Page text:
"Bloodstains on the ground or a small crater are wholly inadequate substitutes for the actuality of multiple killings. It is an evasion to say that they are and a misuse of the bravery of camera-crews and journalists, whether freelance or not, to say that they are.
"We must avoid a pornography of violence, where networks start to compete with one another in the amount of gore that they show," said Mr Tusa, a former head of the BBC World Service.
"But when some viewers complain about violence on the news, when it is an essential part of the knowledge needed to assess what is happening, I believe the only answer to complainants is to say: 'I'm sorry, we will not censor the ghastly reality, for that is the only way that you, the voters, the citizens, can be properly informed about the world around us.'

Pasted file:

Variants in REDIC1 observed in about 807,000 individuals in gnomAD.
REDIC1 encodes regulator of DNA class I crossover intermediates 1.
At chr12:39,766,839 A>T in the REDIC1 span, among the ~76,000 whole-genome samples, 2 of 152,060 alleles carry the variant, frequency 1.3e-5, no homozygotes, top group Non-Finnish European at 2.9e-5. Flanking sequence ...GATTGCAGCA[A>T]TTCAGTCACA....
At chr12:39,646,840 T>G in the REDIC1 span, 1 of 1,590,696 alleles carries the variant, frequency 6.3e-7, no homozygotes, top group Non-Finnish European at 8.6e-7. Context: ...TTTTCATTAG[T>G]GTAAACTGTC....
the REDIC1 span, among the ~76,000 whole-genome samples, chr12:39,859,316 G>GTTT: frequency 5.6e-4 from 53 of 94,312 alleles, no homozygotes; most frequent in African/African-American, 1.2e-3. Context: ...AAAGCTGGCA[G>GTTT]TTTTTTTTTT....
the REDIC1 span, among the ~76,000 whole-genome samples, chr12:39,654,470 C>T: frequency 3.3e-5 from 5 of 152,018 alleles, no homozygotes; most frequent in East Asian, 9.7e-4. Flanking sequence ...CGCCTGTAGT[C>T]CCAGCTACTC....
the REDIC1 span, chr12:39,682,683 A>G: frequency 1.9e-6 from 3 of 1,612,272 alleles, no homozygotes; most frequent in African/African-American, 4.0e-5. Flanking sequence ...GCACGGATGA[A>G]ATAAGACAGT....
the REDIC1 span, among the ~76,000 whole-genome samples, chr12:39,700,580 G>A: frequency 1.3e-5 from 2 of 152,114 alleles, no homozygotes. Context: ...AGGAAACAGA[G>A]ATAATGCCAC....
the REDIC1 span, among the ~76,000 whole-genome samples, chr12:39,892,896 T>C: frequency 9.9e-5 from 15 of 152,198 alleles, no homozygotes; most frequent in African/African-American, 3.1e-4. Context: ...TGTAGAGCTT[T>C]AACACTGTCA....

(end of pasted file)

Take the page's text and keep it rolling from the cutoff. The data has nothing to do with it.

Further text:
"Is there not a mismatch between our comparative tolerance about violence as an essential component of TV entertainment and our restraint and constraints in presenting the violence of the world around us?"
Mr Tusa said television needed a regular programme in which a journalist who had followed a crisis or war should be allowed to present an in-depth documentary.
The Rory Peck Award was won by Jane Kokan, a 34-year-old Canadian, for her account of the last big battle of the Bosnian war.Reuse content